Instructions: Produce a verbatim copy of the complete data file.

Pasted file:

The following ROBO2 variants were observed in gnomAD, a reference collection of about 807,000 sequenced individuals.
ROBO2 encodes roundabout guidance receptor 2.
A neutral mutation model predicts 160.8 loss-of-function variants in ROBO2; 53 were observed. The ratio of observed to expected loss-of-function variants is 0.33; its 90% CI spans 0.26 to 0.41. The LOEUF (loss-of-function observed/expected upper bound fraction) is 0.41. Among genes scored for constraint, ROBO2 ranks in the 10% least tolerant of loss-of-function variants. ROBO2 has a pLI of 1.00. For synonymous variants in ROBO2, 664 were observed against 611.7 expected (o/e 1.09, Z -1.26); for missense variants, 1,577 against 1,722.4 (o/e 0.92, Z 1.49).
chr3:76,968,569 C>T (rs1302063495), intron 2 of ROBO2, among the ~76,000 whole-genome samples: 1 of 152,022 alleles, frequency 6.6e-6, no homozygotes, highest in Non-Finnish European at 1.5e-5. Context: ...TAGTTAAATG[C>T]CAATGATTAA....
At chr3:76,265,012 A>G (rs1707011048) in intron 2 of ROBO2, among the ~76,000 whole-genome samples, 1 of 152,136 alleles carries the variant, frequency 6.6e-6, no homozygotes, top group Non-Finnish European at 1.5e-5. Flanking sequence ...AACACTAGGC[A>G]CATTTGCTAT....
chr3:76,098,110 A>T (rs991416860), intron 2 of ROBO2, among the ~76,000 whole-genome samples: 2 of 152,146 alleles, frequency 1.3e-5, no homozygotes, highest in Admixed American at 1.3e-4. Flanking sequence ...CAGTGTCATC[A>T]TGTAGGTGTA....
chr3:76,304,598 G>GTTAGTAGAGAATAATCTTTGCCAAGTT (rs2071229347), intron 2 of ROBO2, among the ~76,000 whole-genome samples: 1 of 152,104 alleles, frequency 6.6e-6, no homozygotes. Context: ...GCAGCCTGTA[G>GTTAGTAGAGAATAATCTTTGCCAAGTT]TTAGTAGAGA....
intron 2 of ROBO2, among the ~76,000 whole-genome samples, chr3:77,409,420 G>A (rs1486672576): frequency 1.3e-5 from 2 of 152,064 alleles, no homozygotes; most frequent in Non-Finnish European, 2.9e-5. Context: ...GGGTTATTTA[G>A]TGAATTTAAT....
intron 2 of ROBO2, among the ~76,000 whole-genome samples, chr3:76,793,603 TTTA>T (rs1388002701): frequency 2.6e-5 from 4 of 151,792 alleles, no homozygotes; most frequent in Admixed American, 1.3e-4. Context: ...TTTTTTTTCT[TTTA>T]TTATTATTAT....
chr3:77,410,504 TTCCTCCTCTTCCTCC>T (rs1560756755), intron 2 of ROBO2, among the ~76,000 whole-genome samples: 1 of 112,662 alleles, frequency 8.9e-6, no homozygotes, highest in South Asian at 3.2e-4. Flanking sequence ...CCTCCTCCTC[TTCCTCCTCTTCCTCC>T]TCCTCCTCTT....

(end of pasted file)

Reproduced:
The following ROBO2 variants were observed in gnomAD, a reference collection of about 807,000 sequenced individuals.
ROBO2 encodes roundabout guidance receptor 2.
A neutral mutation model predicts 160.8 loss-of-function variants in ROBO2; 53 were observed. The ratio of observed to expected loss-of-function variants is 0.33; its 90% CI spans 0.26 to 0.41. The LOEUF (loss-of-function observed/expected upper bound fraction) is 0.41. Among genes scored for constraint, ROBO2 ranks in the 10% least tolerant of loss-of-function variants. ROBO2 has a pLI of 1.00. For synonymous variants in ROBO2, 664 were observed against 611.7 expected (o/e 1.09, Z -1.26); for missense variants, 1,577 against 1,722.4 (o/e 0.92, Z 1.49).
chr3:76,968,569 C>T (rs1302063495), intron 2 of ROBO2, among the ~76,000 whole-genome samples: 1 of 152,022 alleles, frequency 6.6e-6, no homozygotes, highest in Non-Finnish European at 1.5e-5. Context: ...TAGTTAAATG[C>T]CAATGATTAA....
At chr3:76,265,012 A>G (rs1707011048) in intron 2 of ROBO2, among the ~76,000 whole-genome samples, 1 of 152,136 alleles carries the variant, frequency 6.6e-6, no homozygotes, top group Non-Finnish European at 1.5e-5. Flanking sequence ...AACACTAGGC[A>G]CATTTGCTAT....
chr3:76,098,110 A>T (rs991416860), intron 2 of ROBO2, among the ~76,000 whole-genome samples: 2 of 152,146 alleles, frequency 1.3e-5, no homozygotes, highest in Admixed American at 1.3e-4. Flanking sequence ...CAGTGTCATC[A>T]TGTAGGTGTA....
chr3:76,304,598 G>GTTAGTAGAGAATAATCTTTGCCAAGTT (rs2071229347), intron 2 of ROBO2, among the ~76,000 whole-genome samples: 1 of 152,104 alleles, frequency 6.6e-6, no homozygotes. Context: ...GCAGCCTGTA[G>GTTAGTAGAGAATAATCTTTGCCAAGTT]TTAGTAGAGA....
intron 2 of ROBO2, among the ~76,000 whole-genome samples, chr3:77,409,420 G>A (rs1486672576): frequency 1.3e-5 from 2 of 152,064 alleles, no homozygotes; most frequent in Non-Finnish European, 2.9e-5. Context: ...GGGTTATTTA[G>A]TGAATTTAAT....
intron 2 of ROBO2, among the ~76,000 whole-genome samples, chr3:76,793,603 TTTA>T (rs1388002701): frequency 2.6e-5 from 4 of 151,792 alleles, no homozygotes; most frequent in Admixed American, 1.3e-4. Context: ...TTTTTTTTCT[TTTA>T]TTATTATTAT....
chr3:77,410,504 TTCCTCCTCTTCCTCC>T (rs1560756755), intron 2 of ROBO2, among the ~76,000 whole-genome samples: 1 of 112,662 alleles, frequency 8.9e-6, no homozygotes, highest in South Asian at 3.2e-4. Flanking sequence ...CCTCCTCCTC[TTCCTCCTCTTCCTCC>T]TCCTCCTCTT....